Searching, cont’d • Be prepared to spend quite a while in your quest! Service Dogs, Inc spends a couple months visiting shelters all over Texas. They evaluate around 3, 000 dogs to find 65 to evaluate further, to find 18 that might make it through the program! They have what is considered a good success rate because they evaluate well and are VERY choosy.
Searching, cont’d • Breed rescues can be great sources, you see the adult dog, may have a good idea of issues, dogs are often in foster homes so there is extra input from foster parent. Often more expensive to adopt. • Some rescue dogs may have medical issues that make service work difficult
Searching, cont’d • Know the characteristics of breeds you don’t want – long back, tail that whips completely side-to-side might be Pitbull X; thick hair, spots on tongue could be Chow X; extra dewclaws on rear feet could be Newfoundland X, etc • Shelters usually don’t want to put down dogs of certain breeds, so will call PB x’s ‘boxer mixes’ or leave out completely what undesirable mix a dog could be and concentrate on a ‘nicer’ type • Be cautious of DNA tests, they are far from perfect • Large breeds typically have shorter working lives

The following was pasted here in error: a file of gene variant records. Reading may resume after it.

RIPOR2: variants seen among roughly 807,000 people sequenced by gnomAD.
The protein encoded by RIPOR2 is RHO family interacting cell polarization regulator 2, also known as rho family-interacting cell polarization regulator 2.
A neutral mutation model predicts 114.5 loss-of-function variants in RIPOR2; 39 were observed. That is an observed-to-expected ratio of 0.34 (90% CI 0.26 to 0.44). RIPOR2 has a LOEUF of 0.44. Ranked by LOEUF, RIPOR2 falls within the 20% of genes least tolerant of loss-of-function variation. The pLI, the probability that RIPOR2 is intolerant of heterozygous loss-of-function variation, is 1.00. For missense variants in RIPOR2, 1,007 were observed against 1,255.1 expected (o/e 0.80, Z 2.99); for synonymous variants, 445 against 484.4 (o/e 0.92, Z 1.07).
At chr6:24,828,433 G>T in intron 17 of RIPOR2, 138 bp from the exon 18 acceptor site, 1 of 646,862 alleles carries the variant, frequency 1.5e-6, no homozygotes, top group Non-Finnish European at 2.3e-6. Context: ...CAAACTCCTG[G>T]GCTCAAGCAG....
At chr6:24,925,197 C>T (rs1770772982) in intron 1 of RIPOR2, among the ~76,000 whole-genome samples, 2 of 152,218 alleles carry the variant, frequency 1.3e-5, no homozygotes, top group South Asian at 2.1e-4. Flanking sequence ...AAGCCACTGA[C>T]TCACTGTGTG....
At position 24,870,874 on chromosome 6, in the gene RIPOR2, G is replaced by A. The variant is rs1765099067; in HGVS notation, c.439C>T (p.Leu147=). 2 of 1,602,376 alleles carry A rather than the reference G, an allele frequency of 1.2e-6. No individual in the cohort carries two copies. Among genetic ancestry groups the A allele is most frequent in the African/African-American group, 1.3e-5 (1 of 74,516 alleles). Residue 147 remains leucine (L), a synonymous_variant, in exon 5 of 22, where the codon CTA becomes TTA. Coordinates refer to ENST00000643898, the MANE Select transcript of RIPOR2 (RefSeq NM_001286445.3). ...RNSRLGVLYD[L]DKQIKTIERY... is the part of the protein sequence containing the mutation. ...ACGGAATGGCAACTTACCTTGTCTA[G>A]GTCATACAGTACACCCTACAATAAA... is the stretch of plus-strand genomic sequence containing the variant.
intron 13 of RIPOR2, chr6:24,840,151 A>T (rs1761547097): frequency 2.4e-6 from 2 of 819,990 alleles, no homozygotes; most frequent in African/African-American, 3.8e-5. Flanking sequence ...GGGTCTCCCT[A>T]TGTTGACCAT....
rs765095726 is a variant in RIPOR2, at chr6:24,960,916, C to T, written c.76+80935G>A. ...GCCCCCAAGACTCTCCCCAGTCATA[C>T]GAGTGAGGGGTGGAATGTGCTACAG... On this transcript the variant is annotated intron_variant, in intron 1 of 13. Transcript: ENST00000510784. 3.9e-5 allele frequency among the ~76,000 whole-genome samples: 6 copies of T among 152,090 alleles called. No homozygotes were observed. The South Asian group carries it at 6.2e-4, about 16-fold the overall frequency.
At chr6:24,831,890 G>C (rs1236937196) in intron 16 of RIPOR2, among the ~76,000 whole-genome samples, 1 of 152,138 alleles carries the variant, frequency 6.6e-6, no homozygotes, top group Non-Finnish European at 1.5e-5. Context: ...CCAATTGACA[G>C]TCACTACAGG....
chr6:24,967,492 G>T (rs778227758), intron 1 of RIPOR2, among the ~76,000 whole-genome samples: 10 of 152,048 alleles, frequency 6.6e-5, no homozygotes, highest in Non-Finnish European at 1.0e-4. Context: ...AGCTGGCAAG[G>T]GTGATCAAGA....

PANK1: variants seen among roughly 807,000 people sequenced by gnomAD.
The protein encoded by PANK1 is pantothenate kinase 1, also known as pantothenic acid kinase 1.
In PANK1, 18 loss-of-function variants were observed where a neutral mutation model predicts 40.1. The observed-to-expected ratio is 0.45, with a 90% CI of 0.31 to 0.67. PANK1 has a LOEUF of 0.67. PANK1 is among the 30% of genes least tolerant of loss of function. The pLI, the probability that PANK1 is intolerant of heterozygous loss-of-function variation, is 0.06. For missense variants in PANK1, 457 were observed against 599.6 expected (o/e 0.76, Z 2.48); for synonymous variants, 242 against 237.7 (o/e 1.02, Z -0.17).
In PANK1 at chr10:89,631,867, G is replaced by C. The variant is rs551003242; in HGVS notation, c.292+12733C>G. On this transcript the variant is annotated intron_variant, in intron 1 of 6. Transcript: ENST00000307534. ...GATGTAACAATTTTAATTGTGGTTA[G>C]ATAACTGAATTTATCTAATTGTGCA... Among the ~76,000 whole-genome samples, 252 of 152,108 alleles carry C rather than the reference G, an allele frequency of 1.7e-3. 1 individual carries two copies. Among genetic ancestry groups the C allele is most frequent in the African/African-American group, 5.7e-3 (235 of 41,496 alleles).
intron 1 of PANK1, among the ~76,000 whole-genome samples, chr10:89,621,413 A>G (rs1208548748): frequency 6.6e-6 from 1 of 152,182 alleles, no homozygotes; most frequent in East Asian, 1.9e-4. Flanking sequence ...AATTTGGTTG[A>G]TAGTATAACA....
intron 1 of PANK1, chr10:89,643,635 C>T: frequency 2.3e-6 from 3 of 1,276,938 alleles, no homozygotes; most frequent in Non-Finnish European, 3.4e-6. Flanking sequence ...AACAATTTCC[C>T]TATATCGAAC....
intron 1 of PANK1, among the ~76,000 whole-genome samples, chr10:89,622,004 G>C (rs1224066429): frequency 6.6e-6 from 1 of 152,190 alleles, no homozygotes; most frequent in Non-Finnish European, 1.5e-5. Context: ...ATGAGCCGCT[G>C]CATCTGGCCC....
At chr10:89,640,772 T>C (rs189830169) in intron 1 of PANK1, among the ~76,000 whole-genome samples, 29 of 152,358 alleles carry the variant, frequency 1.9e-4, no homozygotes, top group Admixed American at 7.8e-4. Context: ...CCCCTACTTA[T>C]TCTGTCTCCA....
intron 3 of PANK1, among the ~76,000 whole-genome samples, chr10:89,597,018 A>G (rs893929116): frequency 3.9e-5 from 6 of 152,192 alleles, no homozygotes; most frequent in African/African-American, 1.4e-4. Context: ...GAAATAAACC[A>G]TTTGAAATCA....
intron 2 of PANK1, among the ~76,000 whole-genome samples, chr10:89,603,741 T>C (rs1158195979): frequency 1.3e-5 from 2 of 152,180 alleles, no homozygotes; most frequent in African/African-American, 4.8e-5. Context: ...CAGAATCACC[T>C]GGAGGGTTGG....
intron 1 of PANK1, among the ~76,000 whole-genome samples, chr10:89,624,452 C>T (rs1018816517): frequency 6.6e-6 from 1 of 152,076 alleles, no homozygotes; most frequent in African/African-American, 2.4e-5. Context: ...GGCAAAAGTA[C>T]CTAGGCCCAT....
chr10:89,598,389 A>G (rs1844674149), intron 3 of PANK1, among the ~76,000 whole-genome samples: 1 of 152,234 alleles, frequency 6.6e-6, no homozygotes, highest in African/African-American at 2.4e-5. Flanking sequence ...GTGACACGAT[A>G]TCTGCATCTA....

SELECTING A SERVICE DOG Check list for cruising shelters Complete prior to going to shelter • I do not want a dog that is (one or two major issues)_________ • I want a dog that is: Small, Medium Large • I want a dog with: short hair, medium hair, long hair; sheds a little, doesn’t shed, sheds a lot(I like brushing every day)